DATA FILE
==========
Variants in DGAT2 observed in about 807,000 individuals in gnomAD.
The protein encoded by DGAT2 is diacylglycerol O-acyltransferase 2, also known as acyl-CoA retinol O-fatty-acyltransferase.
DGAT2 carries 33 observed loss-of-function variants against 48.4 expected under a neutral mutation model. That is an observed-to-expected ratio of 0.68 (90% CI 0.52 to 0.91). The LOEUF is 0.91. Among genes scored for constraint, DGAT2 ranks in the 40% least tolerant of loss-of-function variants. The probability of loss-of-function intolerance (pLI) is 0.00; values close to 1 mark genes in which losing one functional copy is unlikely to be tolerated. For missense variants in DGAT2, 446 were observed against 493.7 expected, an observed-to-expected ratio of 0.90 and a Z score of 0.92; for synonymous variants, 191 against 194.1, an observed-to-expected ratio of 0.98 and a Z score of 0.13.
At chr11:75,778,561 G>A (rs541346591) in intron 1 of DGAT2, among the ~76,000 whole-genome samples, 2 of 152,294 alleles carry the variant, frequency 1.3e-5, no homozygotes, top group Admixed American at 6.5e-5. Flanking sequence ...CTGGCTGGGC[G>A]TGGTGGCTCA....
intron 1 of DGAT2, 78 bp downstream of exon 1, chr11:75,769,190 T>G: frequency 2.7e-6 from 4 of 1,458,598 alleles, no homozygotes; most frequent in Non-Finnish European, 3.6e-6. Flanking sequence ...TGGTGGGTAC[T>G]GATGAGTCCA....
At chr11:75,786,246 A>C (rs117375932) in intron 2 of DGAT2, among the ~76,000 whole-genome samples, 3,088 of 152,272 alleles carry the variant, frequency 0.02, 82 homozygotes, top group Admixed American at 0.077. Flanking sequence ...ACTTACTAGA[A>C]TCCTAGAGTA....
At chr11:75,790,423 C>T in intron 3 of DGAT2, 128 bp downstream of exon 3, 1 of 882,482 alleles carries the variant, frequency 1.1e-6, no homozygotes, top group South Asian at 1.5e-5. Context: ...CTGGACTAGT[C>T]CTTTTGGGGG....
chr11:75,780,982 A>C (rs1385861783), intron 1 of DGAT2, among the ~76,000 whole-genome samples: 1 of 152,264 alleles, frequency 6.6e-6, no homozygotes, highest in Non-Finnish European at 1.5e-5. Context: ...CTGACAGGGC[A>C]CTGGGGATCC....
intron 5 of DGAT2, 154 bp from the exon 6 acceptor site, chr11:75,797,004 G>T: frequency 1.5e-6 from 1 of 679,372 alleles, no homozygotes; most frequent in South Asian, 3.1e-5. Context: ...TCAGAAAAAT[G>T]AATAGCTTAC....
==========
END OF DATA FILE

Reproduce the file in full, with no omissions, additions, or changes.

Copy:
Variants in DGAT2 observed in about 807,000 individuals in gnomAD.
The protein encoded by DGAT2 is diacylglycerol O-acyltransferase 2, also known as acyl-CoA retinol O-fatty-acyltransferase.
DGAT2 carries 33 observed loss-of-function variants against 48.4 expected under a neutral mutation model. That is an observed-to-expected ratio of 0.68 (90% CI 0.52 to 0.91). The LOEUF is 0.91. Among genes scored for constraint, DGAT2 ranks in the 40% least tolerant of loss-of-function variants. The probability of loss-of-function intolerance (pLI) is 0.00; values close to 1 mark genes in which losing one functional copy is unlikely to be tolerated. For missense variants in DGAT2, 446 were observed against 493.7 expected, an observed-to-expected ratio of 0.90 and a Z score of 0.92; for synonymous variants, 191 against 194.1, an observed-to-expected ratio of 0.98 and a Z score of 0.13.
At chr11:75,778,561 G>A (rs541346591) in intron 1 of DGAT2, among the ~76,000 whole-genome samples, 2 of 152,294 alleles carry the variant, frequency 1.3e-5, no homozygotes, top group Admixed American at 6.5e-5. Flanking sequence ...CTGGCTGGGC[G>A]TGGTGGCTCA....
intron 1 of DGAT2, 78 bp downstream of exon 1, chr11:75,769,190 T>G: frequency 2.7e-6 from 4 of 1,458,598 alleles, no homozygotes; most frequent in Non-Finnish European, 3.6e-6. Flanking sequence ...TGGTGGGTAC[T>G]GATGAGTCCA....
At chr11:75,786,246 A>C (rs117375932) in intron 2 of DGAT2, among the ~76,000 whole-genome samples, 3,088 of 152,272 alleles carry the variant, frequency 0.02, 82 homozygotes, top group Admixed American at 0.077. Flanking sequence ...ACTTACTAGA[A>C]TCCTAGAGTA....
At chr11:75,790,423 C>T in intron 3 of DGAT2, 128 bp downstream of exon 3, 1 of 882,482 alleles carries the variant, frequency 1.1e-6, no homozygotes, top group South Asian at 1.5e-5. Context: ...CTGGACTAGT[C>T]CTTTTGGGGG....
chr11:75,780,982 A>C (rs1385861783), intron 1 of DGAT2, among the ~76,000 whole-genome samples: 1 of 152,264 alleles, frequency 6.6e-6, no homozygotes, highest in Non-Finnish European at 1.5e-5. Context: ...CTGACAGGGC[A>C]CTGGGGATCC....
intron 5 of DGAT2, 154 bp from the exon 6 acceptor site, chr11:75,797,004 G>T: frequency 1.5e-6 from 1 of 679,372 alleles, no homozygotes; most frequent in South Asian, 3.1e-5. Context: ...TCAGAAAAAT[G>T]AATAGCTTAC....